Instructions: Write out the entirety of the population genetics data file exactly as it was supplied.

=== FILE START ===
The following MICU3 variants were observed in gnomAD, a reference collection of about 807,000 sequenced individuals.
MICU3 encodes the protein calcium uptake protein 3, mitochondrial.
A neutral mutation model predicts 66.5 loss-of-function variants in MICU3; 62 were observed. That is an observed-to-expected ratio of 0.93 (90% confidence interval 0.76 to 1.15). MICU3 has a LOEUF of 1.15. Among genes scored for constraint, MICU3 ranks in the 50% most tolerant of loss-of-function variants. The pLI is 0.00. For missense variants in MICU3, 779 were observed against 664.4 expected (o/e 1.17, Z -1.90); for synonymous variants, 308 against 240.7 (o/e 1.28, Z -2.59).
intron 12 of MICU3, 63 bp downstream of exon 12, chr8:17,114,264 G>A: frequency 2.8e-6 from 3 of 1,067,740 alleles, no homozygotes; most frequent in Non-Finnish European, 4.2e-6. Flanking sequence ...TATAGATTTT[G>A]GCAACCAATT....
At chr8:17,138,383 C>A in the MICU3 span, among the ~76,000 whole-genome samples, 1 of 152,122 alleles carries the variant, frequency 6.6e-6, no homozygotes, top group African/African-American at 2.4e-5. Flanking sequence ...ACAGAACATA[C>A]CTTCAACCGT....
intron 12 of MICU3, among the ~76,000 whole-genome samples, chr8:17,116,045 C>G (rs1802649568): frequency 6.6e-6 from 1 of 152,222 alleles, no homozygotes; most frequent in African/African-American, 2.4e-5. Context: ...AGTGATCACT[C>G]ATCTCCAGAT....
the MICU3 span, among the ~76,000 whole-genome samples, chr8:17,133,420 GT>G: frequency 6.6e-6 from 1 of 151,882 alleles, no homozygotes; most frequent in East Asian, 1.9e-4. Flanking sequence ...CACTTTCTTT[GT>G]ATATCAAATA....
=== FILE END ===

The following MICU3 variants were observed in gnomAD, a reference collection of about 807,000 sequenced individuals.
MICU3 encodes the protein calcium uptake protein 3, mitochondrial.
A neutral mutation model predicts 66.5 loss-of-function variants in MICU3; 62 were observed. That is an observed-to-expected ratio of 0.93 (90% confidence interval 0.76 to 1.15). MICU3 has a LOEUF of 1.15. Among genes scored for constraint, MICU3 ranks in the 50% most tolerant of loss-of-function variants. The pLI is 0.00. For missense variants in MICU3, 779 were observed against 664.4 expected (o/e 1.17, Z -1.90); for synonymous variants, 308 against 240.7 (o/e 1.28, Z -2.59).
intron 12 of MICU3, 63 bp downstream of exon 12, chr8:17,114,264 G>A: frequency 2.8e-6 from 3 of 1,067,740 alleles, no homozygotes; most frequent in Non-Finnish European, 4.2e-6. Flanking sequence ...TATAGATTTT[G>A]GCAACCAATT....
At chr8:17,138,383 C>A in the MICU3 span, among the ~76,000 whole-genome samples, 1 of 152,122 alleles carries the variant, frequency 6.6e-6, no homozygotes, top group African/African-American at 2.4e-5. Flanking sequence ...ACAGAACATA[C>A]CTTCAACCGT....
intron 12 of MICU3, among the ~76,000 whole-genome samples, chr8:17,116,045 C>G (rs1802649568): frequency 6.6e-6 from 1 of 152,222 alleles, no homozygotes; most frequent in African/African-American, 2.4e-5. Context: ...AGTGATCACT[C>G]ATCTCCAGAT....
the MICU3 span, among the ~76,000 whole-genome samples, chr8:17,133,420 GT>G: frequency 6.6e-6 from 1 of 151,882 alleles, no homozygotes; most frequent in East Asian, 1.9e-4. Flanking sequence ...CACTTTCTTT[GT>G]ATATCAAATA....